42. Li, H., & Zou, H. (1998). Income inequality is not harmful for growth: Theory and evidence. Review of Development Economics, 2(3), 318–334.CrossRefGoogle Scholar
  43. Li, H., & Zou, H. (2002). Inflation, growth, and income distribution: A cross-country study. Annals of Economics and Finance, 3, 85–101.Google Scholar
  44. Lopez, H. (2004). Pro-poor-pro-growth: is there a trade off? The World Bank, Policy Research Working Paper No. 3378.Google Scholar
  45. Lopez, H. (2006). Did growth become less pro-poor in the 1990s? World Bank Policy Research Working Paper, No. 3931.Google Scholar
  46. Lopez, H., & Serven, L. (2006). A normal relationship? Poverty, growth, and inequality. World Bank Policy Research Department Working Paper, No. 3814.Google Scholar
  47. Milgrom, P., & Roberts, J. (1990). Rationalizability learning, and equilibrium in games with strategic complementarities. Econometrica, 58, 1255–1277.CrossRefGoogle Scholar
  48. Persson, T., & Tabellini, G. (1994). Is inequality harmful for growth? American Economic Review, 84, 600–621.Google Scholar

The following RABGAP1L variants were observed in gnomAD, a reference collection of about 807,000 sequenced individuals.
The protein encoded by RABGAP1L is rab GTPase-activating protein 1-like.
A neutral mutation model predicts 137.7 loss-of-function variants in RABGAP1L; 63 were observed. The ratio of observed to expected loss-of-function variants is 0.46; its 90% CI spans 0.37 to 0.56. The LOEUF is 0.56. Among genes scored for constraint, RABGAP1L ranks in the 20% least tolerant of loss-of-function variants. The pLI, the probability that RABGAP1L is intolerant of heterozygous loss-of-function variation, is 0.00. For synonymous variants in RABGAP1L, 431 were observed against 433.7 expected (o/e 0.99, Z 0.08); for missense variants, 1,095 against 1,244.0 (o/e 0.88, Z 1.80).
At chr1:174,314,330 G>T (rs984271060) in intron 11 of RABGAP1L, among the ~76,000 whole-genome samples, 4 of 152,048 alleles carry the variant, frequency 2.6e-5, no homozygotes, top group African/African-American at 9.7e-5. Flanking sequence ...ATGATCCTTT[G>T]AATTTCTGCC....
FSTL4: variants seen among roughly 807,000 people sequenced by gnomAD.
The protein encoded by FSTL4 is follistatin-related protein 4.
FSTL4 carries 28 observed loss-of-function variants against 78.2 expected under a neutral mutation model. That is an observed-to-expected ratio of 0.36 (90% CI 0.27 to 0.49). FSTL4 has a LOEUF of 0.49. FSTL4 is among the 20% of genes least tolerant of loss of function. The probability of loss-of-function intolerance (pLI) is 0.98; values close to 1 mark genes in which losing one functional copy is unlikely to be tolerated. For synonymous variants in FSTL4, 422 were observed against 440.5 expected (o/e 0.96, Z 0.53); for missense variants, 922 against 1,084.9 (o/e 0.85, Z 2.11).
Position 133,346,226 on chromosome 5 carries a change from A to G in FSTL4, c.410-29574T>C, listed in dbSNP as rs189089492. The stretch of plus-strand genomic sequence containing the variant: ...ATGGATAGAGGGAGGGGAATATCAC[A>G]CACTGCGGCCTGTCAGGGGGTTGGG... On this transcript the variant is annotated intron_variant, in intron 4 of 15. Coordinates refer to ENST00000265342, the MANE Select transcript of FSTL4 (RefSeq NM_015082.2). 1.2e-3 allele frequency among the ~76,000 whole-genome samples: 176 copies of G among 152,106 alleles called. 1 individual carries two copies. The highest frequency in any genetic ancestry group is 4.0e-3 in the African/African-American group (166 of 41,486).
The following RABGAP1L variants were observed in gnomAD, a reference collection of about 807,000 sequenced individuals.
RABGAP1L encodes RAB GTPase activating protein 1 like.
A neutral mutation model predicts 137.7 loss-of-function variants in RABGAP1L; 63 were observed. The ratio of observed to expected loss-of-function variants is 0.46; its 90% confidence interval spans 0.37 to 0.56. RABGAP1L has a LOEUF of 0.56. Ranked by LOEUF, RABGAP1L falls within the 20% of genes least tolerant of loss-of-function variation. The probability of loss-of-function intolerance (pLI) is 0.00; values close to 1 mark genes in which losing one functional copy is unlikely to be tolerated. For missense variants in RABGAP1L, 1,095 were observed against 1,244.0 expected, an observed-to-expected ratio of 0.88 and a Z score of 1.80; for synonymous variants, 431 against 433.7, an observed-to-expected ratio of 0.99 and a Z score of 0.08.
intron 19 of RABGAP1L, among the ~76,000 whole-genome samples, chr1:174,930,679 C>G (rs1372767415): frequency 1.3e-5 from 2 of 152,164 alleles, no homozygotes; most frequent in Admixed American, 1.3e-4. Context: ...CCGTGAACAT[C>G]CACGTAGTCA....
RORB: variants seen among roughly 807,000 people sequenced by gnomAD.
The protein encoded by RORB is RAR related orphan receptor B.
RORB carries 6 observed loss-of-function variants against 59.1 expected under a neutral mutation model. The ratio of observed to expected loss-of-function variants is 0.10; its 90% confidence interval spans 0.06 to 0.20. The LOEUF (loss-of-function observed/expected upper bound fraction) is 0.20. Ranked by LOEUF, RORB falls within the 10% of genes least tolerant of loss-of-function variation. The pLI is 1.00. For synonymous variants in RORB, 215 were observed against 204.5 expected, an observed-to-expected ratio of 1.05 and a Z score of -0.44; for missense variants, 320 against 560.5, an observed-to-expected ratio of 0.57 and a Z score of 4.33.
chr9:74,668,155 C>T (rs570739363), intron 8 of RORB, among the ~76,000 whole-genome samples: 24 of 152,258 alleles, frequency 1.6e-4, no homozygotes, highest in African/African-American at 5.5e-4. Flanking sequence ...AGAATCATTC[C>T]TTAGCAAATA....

49. Persson, T., & Tabellini, G. (2000). Political economics: Explaining economic policy. Cambridge: MIT Press.Google Scholar
  50. Persson, T., & Tabellini, G. (2003). The economic effect of constitutions. Cambridge: MIT Press.Google Scholar
  51. Ravallion, M. (1997). Can high inequality development countries escape absolute poverty? Economics Letters, 56, 51–57.CrossRefGoogle Scholar
  52. Ravallion, M. (2004). Pro-poor growth: A primer. The World Bank, Policy Research Working Paper No. 3242.Google Scholar
  53. Ravallion, M., & Chen, S. (2003). Measuring pro-poor growth. Economic Letters, 78, 93–99.CrossRefGoogle Scholar
  54. Savvides, A., & Stengos, T. (2000). Income inequality and economic development: Evidence from the threshold regression model. Economics Letters, 69, 207–212.CrossRefGoogle Scholar
  55. Stiglitz, J. (1969). Distribution of income and wealth among individuals. Econometrica, 37, 382–397.CrossRefGoogle Scholar
  56. Vives, X. (1990). Nash Equilibrium with strategic complementarities. Journal of Mathematical Economics, 19(3), 305–321.CrossRefGoogle Scholar
  57. Vives, X. (2005). Complementarities and games: New developments. Journal of Economic Literature, XLIII, 435–479.Google Scholar
  58. Wu, C. F. J. (1986). Jackknife, bootstrap and other resampling methods in regression analysis. Annals of Statistics, 14(4), 1261–1295.CrossRefGoogle Scholar

Copyright information

© Springer Nature Singapore Pte Ltd. 2017

Authors and Affiliations

  • Partha Gangopadhyay
    • 1
    • 2
  • Biswa Nath Bhattacharyay
    • 3
    • 4
    • 5
  1. 1.School of BusinessWestern Sydney UniversityPenrithAustralia
  2. 2.CEPMUniversity of the South PacificSuvaFiji
  3. 3.Asian Development BankManilaPhilippines
  4. 4.CESIfo (The Center of University of Munich and Ifo Institute)MunichGermany
  5. 5.McGill UniversityMontrealCanada

Personalised recommendations